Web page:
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In episode #19, Anna Nadeina talks with Malte, CEO and co-founder of airfocus, the first modular product management software.

Transitioning from Agency to Startup

Malte Scholz, the CEO and co-founder of airfocus, didn’t start his entrepreneurial journey with the goal of building a company. Instead, he began as a side project, driven by his frustration with the lack of effective product management tools. Malte founded an agency with a friend to fund the initial development of airfocus, a decision he describes as “very messy” given the demands of running both a services business and a product startup simultaneously.

After 18 months, Malte and his co-founder realized that this dual-track approach was not sustainable, and they decided to focus solely on airfocus. This transition from agency to startup was a crucial turning point, as Malte recognized his true passion lay in building and perfecting a product, rather than being dependent on client decisions in a services business.


Balancing Product-Led Growth and Sales

airfocus initially adopted a product-led growth (PLG) approach, putting the software in the hands of users and making it as simple as possible for them to sign up. However, as the company scaled, Malte recognized the need to balance this PLG strategy with a more sales-oriented motion to address the needs of larger, more complex customers.

Malte explains that the reality is that there is a certain segment of the market that is more financially attractive and requires more hands-on support, with greater complexity that cannot be easily handled through a self-serve model. While airfocus remains product-centric, they have gradually added a sales team and sales processes to cater to this segment.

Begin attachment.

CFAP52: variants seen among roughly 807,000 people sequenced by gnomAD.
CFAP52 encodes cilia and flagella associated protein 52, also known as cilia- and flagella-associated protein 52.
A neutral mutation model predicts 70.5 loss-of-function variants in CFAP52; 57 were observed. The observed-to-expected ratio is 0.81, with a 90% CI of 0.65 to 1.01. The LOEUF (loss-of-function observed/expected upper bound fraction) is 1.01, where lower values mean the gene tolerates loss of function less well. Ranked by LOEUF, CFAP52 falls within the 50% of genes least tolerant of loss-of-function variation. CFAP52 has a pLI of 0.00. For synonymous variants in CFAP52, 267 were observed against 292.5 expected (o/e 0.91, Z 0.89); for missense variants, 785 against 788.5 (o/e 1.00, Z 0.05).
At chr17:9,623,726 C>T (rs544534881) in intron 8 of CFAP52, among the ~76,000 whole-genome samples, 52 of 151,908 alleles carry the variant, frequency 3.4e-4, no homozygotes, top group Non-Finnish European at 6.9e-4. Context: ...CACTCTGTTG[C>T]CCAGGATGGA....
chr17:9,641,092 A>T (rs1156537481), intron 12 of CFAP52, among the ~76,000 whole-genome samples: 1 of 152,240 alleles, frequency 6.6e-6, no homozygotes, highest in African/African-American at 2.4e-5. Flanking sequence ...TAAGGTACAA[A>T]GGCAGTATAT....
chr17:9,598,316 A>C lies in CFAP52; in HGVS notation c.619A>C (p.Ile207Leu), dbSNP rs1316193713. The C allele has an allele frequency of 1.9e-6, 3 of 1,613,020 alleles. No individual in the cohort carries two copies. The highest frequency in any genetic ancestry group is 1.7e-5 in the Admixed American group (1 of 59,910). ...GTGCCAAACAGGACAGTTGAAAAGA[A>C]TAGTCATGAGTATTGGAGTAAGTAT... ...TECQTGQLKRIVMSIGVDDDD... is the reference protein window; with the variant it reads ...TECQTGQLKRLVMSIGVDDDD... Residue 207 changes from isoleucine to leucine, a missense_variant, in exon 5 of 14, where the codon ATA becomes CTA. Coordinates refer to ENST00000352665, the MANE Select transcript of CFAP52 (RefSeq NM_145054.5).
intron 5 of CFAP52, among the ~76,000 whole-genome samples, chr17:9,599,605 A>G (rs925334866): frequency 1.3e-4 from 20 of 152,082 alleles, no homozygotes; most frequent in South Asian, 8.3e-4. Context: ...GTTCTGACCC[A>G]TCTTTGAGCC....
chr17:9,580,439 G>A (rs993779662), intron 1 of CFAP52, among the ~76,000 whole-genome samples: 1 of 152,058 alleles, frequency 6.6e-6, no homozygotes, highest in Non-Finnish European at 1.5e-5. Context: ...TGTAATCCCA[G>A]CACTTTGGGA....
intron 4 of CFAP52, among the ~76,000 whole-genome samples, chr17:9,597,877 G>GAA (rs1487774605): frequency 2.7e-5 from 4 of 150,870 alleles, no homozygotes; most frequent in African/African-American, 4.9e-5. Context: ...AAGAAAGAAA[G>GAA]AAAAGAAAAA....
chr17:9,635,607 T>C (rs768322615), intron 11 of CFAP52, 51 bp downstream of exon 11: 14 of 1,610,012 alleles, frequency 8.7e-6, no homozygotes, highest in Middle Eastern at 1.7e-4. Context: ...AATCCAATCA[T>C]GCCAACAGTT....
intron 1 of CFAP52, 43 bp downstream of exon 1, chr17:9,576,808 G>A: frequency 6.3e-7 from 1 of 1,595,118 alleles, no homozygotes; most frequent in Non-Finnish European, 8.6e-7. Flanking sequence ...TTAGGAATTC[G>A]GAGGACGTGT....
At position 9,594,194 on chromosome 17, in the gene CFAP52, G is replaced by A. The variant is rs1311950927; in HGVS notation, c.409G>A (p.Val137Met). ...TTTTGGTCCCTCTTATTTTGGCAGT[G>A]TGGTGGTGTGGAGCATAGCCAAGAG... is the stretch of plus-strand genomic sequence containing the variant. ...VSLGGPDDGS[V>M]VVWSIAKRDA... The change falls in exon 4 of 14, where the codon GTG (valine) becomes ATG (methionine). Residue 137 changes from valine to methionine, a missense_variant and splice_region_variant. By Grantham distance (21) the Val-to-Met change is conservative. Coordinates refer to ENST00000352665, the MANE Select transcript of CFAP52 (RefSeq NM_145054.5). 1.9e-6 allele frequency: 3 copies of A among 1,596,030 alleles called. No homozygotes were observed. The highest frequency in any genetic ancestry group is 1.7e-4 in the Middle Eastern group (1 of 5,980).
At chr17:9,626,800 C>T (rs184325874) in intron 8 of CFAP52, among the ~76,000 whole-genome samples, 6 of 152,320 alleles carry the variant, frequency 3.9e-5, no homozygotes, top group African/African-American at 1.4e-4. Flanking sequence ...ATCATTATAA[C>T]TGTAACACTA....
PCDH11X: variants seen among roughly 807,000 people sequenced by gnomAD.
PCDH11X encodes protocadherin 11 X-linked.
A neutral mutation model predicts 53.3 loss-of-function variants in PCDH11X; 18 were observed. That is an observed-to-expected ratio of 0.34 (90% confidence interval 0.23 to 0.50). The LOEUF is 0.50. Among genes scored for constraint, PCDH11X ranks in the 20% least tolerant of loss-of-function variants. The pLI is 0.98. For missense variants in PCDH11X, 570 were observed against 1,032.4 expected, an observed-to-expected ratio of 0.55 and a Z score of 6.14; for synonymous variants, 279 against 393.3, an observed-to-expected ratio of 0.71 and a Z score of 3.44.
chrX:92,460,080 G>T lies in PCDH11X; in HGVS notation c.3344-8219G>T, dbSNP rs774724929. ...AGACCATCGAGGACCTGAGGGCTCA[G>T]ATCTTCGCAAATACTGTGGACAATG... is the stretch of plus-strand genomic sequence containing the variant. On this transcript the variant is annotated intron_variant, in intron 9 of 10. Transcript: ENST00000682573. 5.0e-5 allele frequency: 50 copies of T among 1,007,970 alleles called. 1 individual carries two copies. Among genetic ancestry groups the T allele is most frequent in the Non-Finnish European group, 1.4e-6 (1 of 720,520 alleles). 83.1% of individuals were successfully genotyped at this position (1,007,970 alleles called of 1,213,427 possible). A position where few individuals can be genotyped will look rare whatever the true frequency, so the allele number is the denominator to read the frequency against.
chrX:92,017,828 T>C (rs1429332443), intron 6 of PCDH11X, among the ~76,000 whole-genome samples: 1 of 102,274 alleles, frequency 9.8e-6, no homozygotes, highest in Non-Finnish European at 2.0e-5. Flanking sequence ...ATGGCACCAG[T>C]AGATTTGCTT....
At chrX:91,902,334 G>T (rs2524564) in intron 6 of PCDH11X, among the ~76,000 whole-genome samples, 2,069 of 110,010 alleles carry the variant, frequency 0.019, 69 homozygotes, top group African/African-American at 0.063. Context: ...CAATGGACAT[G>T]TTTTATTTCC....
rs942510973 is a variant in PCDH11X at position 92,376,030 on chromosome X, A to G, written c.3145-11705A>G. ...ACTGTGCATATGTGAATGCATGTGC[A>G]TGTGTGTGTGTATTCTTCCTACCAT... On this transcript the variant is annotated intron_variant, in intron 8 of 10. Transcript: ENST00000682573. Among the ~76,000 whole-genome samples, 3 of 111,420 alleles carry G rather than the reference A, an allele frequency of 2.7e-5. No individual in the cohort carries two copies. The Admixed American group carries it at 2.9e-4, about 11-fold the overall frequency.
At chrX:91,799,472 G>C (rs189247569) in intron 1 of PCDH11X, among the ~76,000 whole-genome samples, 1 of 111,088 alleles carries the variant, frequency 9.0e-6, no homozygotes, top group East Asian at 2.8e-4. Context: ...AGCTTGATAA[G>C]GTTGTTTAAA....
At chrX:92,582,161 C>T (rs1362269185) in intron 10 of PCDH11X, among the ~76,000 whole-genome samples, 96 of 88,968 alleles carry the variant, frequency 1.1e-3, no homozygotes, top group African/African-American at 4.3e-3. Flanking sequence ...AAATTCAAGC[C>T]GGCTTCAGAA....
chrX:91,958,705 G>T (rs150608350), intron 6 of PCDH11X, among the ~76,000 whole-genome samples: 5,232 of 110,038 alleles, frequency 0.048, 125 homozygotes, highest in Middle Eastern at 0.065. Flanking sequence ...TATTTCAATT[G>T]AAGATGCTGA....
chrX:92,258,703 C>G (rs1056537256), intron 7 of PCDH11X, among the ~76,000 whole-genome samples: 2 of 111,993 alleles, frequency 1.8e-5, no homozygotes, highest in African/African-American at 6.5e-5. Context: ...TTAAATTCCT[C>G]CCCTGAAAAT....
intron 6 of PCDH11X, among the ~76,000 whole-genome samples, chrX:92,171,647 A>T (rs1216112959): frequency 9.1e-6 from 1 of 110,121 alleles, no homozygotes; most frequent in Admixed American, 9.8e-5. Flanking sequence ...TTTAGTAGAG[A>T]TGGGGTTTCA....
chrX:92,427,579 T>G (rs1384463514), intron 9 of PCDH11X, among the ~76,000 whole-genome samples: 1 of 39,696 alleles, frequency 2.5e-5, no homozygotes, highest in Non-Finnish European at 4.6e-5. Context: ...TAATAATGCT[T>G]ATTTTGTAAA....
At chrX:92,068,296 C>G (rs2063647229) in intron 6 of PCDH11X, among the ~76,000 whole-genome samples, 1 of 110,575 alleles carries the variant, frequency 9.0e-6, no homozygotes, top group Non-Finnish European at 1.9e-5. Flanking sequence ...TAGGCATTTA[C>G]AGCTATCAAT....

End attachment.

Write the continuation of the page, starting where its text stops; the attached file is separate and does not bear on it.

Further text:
Choosing Venture Capital over Bootstrapping

Malte and his co-founder initially bootstrapped airfocus, funding the early development from the profits of their agency work. However, they soon realized that the revenue they had generated would not be enough to sustain the growth they envisioned for the business.

Malte explains that they anticipated a larger market opportunity that would require a bigger team than they could afford through bootstrapping alone. This led them to pursue venture capital funding, raising $15 million from European VCs. While Malte acknowledges the pros and cons of taking on investors, he believes it was the right decision for airfocus, as the investors have been supportive and helpful in the company’s growth.


Product Development and Enterprise Readiness

As airfocus transitioned to serving larger, more complex customers, the product roadmap had to evolve to address the specific needs of this new market segment. Malte emphasizes the importance of finding the right balance on the roadmap, allocating resources to solving core customer problems, making incremental improvements, and building the necessary enterprise-grade features, such as single sign-on and advanced permissions.